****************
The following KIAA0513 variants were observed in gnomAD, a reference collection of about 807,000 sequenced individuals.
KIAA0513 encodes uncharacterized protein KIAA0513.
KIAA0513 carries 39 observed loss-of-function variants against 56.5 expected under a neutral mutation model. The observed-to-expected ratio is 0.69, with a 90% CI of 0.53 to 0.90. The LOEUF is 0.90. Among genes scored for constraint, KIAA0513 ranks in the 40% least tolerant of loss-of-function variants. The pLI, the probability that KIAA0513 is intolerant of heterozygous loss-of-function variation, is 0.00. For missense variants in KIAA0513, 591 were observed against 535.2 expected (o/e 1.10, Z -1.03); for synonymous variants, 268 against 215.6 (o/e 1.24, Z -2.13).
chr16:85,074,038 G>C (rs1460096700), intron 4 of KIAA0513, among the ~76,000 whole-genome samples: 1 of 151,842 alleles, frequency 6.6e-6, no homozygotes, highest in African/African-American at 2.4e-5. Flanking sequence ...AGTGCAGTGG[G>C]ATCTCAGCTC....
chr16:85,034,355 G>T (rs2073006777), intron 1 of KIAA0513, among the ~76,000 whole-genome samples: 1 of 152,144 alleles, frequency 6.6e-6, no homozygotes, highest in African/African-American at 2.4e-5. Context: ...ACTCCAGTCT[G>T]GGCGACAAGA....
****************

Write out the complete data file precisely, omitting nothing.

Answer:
The following KIAA0513 variants were observed in gnomAD, a reference collection of about 807,000 sequenced individuals.
KIAA0513 encodes uncharacterized protein KIAA0513.
KIAA0513 carries 39 observed loss-of-function variants against 56.5 expected under a neutral mutation model. The observed-to-expected ratio is 0.69, with a 90% CI of 0.53 to 0.90. The LOEUF is 0.90. Among genes scored for constraint, KIAA0513 ranks in the 40% least tolerant of loss-of-function variants. The pLI, the probability that KIAA0513 is intolerant of heterozygous loss-of-function variation, is 0.00. For missense variants in KIAA0513, 591 were observed against 535.2 expected (o/e 1.10, Z -1.03); for synonymous variants, 268 against 215.6 (o/e 1.24, Z -2.13).
chr16:85,074,038 G>C (rs1460096700), intron 4 of KIAA0513, among the ~76,000 whole-genome samples: 1 of 151,842 alleles, frequency 6.6e-6, no homozygotes, highest in African/African-American at 2.4e-5. Flanking sequence ...AGTGCAGTGG[G>C]ATCTCAGCTC....
chr16:85,034,355 G>T (rs2073006777), intron 1 of KIAA0513, among the ~76,000 whole-genome samples: 1 of 152,144 alleles, frequency 6.6e-6, no homozygotes, highest in African/African-American at 2.4e-5. Context: ...ACTCCAGTCT[G>T]GGCGACAAGA....